Benefit- Cost Analysis Now Only One Component of a Regulatory Budget

Heretofore the demonstration that the benefits of a proposed rule exceeded its costs was the only ticket needed to have it promulgated as a final rule.

With the advent of regulatory budgeting the demonstration of positive net benefits for a proposed rule is a necessary but not sufficient condition for its promulgation as a final rule. Furthermore the advent of a regulatory budget harbors the introduction of Social Welfare Functions different from the maximization of national income benefits as the mechanism for ranking proposed rulemakings. The introduction of alternative Social Welfare Functions occurs because the implementation of a regulatory budget requires a public review of the totality of available rulemakings on a government-wide basis and the resultant debates result in the introduction of non-national efficiency considerations such as income distribution and stakeholder segmentation.

A  Statutory Revision of the Information Quality Act: A Bedrock Requirement for an Effective Artificial Intelligence Program

Dr. Michael Stumborg, a principal scientist at the Center for Naval Analysis, has published a paper in which he concludes:

Congress should make the data quality provisions of the Information Quality Act applicable to all federal government data, not just publicly disseminated data. The Office of Management and Budget guidelines should provide clear, binding, and quantifiable definitions of “utility,” “objectivity,” and “integrity.” Compliance then becomes measureable, and thus, enforceable.

Congress should also define the terms “influential scientific information,” and “affected parties” to make congressional intentions clear, thereby preventing circumvention of the law by discretionary interpretation.

A Miller Analogies Question For Attorneys and Economists

Here is an easy Miller Analogy question for attorneys and economists: judicial review is to attorneys  as ____ is to economists?

Answer:  benefit-cost analysis

Nonetheless the answer is more complex because attorneys tend to emphasize judicial review and economists tend to emphasize benefit-cost analysis when it comes to both managing the administrative state and in challenging it.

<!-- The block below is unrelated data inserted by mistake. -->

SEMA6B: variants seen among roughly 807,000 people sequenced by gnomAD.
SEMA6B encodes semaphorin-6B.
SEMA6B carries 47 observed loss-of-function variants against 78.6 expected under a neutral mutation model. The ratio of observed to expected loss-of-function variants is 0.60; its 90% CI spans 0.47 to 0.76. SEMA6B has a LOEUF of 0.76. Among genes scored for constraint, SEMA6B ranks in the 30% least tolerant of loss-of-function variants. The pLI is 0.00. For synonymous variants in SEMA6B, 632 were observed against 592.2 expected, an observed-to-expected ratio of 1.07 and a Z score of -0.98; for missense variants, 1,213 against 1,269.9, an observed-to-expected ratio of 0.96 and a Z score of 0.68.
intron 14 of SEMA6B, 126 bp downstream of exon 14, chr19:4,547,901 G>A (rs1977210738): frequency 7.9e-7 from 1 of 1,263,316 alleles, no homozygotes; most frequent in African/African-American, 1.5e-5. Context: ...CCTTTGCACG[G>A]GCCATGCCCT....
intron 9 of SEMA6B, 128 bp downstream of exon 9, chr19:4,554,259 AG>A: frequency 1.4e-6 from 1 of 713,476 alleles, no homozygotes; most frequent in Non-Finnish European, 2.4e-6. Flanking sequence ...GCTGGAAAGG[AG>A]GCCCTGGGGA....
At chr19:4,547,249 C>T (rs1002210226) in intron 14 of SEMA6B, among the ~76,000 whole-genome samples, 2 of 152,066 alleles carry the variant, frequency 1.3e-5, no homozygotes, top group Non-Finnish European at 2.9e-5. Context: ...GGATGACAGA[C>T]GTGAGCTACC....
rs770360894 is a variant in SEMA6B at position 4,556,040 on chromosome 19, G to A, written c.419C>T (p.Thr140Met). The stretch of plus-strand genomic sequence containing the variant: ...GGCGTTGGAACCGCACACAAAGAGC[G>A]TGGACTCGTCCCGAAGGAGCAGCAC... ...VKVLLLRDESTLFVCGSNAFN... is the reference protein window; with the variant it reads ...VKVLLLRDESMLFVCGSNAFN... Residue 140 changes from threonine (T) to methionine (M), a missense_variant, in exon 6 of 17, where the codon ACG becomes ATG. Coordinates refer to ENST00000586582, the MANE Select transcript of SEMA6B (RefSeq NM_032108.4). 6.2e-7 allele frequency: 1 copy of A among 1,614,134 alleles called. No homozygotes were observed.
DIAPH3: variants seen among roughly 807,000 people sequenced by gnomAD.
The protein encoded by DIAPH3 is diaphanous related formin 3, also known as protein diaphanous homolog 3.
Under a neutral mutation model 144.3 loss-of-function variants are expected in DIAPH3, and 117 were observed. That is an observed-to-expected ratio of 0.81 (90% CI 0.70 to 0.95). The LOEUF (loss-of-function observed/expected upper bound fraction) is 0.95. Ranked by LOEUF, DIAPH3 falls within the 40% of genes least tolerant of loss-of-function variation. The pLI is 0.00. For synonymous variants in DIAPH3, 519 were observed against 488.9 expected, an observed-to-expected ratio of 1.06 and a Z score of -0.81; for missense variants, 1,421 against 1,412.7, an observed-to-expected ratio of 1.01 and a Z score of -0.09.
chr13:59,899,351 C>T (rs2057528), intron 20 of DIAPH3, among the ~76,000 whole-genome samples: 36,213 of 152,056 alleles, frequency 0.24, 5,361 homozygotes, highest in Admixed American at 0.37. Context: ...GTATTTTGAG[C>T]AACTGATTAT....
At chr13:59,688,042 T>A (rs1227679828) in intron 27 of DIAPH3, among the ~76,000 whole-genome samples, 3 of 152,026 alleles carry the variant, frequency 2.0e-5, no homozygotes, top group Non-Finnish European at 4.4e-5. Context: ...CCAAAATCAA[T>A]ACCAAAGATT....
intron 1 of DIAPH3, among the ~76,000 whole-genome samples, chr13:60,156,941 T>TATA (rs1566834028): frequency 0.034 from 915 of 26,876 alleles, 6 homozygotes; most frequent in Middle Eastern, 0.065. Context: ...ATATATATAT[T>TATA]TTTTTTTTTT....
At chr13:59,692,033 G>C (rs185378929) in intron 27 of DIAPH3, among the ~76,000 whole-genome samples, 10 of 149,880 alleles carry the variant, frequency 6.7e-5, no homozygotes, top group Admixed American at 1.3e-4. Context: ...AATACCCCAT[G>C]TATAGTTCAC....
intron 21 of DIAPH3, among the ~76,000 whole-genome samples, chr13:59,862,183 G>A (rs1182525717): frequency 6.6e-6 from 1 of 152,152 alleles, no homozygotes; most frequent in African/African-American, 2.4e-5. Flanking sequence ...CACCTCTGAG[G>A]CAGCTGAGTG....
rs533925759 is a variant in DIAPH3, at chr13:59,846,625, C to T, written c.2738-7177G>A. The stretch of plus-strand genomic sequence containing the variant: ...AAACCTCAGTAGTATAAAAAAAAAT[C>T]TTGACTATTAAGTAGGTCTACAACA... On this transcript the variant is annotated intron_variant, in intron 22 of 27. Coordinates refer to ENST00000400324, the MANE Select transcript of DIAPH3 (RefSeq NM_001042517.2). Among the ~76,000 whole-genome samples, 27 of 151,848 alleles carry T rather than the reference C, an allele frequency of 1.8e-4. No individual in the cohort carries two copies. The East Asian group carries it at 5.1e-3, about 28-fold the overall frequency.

The Different Worlds of Academicians and Practitioners

The influence of academicians in our society is underestimated; through their constant flow of publications they establish the administrative record on issues of public policy. Articles in the press come and go but journals are around forever.

Academicians teach future Presidents, Members of Congress, entrepreneurs, judges and their staff as well as future academicians, reporters and other opinion leaders. That said, the administrative record established by academicians could, in some instances, lack completeness. If the resultant void is be closed it is the responsibility of practitioners to do so.


Academicians survive because they publish.

Did the Quality of  Life Review Penetrate the Bureaucracy ?

The Quality of Life Review (QLR) was the term given to the first centralized regulatory review process administered by OMB. It predated OIRA review by a decade and was utilized by the Nixon and Ford Administrations.

The Quality of Life Review process differed significantly from the one currently in use by OIRA:

(1) Although its two primary components, OMB review and agency analysis of the benefits and cost of rules are the building blocks of all future Executive Orders on centralized regulatory review, the QLR was conducted by the “budget side” of OMB not a standalone office (OIRA) dedicated exclusively to implementing centralized regulatory review.